Trying to get back in the game, the Big Ten is thinking about turning to a schedule that starts Thanksgiving week, Jeff Potrykus of the Milwaukee Journal Sentinel said in a report confirmed by several other media outlets.

So what are we to make of this?

First, it’s obvious the pressure from players, coaches, parents—just about everyone, really—to reverse the ill-advised and panicky Aug. 11 decision to not play football this fall has been relentless.

New commissioner Kevin Warren has been under intense criticism for the shutdown decision. Obviously, medical experts were pivotal. Presumably, university presidents/chancellors of the 14 member schools heavily supported the call.

But the attention has all focused on Warren, and rightfully so. He’s the commissioner. And even if he's a rookie, he's the guy taking the snaps.

Second, a Thanksgiving—or later—start kicks the can down the road long enough for the Big Ten to come up with a new plan.

That would be awkward, though, to say the least.

It would not allow Big Ten teams to be in the mix for the College Football Playoff, which is scheduled to go on its usual New Year’s/early January time slot.

It would have Big Ten teams playing games during December, when schools are usually wrapping up semesters. And this year, many schools are using calendars that finish around Thanksgiving to minimize pandemic travel and exposure.

Playing regular-season games in December and January also would create some challenging weather conditions in Big Ten Country. And playing games in domes—a college-style bubble—is not real appetizing, either.

In other words, if the ACC, Big 12 and SEC are able to pull off their plan to play revised schedules beginning in September, a Big Ten season in winter (or early spring) would look like a too-little-too-late decision in wake of the controversial Aug. 11 shutdown.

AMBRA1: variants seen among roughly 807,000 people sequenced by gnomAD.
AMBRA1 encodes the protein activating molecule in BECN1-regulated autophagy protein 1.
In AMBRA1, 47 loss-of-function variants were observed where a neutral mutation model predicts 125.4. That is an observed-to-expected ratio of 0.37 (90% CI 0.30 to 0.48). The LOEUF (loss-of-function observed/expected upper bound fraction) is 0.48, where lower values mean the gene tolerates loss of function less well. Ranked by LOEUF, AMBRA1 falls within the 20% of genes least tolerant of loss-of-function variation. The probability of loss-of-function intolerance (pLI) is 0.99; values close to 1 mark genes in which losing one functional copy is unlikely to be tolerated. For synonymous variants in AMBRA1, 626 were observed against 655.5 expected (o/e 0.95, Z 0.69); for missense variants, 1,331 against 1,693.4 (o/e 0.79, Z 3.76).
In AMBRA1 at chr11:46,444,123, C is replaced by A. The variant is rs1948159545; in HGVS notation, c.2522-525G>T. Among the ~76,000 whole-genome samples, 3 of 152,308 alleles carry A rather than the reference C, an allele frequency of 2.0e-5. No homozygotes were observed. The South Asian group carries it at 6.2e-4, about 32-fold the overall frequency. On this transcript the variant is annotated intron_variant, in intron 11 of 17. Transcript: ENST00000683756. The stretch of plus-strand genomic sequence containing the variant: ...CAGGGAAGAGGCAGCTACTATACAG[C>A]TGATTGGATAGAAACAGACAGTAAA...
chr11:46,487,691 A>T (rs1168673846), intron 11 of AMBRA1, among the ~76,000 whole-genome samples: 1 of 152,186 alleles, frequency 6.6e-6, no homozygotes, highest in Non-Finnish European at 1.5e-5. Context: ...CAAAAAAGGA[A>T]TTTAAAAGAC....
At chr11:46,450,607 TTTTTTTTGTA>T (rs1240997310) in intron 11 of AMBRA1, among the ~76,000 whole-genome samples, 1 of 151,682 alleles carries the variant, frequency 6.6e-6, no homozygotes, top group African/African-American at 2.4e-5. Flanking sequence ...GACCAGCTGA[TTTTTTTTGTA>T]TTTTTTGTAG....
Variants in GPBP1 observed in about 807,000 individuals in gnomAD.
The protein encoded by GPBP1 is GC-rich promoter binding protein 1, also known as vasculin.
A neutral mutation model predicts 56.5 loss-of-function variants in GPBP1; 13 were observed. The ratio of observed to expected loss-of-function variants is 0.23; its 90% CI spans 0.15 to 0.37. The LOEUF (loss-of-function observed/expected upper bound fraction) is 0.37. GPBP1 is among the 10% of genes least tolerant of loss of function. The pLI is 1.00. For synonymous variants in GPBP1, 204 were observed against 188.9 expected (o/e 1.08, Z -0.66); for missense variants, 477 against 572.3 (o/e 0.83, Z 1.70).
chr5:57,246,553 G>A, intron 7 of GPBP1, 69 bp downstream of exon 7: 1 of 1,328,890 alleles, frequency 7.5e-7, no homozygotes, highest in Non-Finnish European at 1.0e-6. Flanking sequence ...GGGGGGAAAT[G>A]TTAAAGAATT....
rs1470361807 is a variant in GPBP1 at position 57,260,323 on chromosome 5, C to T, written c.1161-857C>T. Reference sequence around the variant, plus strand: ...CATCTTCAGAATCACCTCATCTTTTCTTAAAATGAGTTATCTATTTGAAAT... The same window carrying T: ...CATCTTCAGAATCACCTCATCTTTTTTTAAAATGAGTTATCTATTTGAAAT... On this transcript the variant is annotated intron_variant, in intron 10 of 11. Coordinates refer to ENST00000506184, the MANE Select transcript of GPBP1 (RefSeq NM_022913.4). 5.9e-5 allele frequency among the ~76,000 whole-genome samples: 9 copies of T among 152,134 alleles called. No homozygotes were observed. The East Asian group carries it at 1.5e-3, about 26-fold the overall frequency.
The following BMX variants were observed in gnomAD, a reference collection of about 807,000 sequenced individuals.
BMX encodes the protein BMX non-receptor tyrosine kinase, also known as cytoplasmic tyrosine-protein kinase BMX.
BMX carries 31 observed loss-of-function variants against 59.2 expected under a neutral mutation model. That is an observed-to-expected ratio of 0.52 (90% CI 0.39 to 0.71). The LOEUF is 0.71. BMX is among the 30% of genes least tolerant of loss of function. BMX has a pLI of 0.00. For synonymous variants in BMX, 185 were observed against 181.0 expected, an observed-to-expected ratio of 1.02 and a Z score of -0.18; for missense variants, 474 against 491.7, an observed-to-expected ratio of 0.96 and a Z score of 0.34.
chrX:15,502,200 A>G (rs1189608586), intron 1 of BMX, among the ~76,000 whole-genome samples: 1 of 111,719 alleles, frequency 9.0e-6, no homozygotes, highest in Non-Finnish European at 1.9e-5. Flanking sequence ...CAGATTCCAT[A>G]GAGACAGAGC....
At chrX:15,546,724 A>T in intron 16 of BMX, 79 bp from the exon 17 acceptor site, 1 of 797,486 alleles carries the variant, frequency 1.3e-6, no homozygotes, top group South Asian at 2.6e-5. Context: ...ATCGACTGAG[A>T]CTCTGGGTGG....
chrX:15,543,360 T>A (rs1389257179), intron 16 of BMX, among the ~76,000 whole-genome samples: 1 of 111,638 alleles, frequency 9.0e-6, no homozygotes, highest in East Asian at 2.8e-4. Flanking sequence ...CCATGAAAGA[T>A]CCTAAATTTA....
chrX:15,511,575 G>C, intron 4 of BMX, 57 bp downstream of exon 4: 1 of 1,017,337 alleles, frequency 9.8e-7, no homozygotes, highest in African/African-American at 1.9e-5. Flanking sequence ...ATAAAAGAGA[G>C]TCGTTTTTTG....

And even if the ACC/Big 12/SEC plans are curtailed by Covid-19, which remains a very serious possibility, the Big Ten still remains open to criticism that it pulled the plug too early.

If there’s one thing that has been learned from this pandemic, it is that spectator sports need to make every effort, as long as possible, to salvage their seasons. Major league baseball, for example, seemed on the brink of not playing at all this year—and now its abbreviated season is positioned to come out reasonably all right.

The one plan that would bail out the Big Ten would be if it could manage to start in October, even if it only played an eight-game schedule, that would get it back in sync with the Persistent Three.

Is that feasible at this point? Extremely unlikely.

The only other way to reduce the damage the Big Ten has done by shutting down so early is. . . to see the Coronavirus shut down college football entirely. And that’s a very gloomy prospect for the sport.

That said, the test results coming out from college campuses everywhere, but notably in many towns where ACC, Big 12 and SEC campuses are located, are alarming.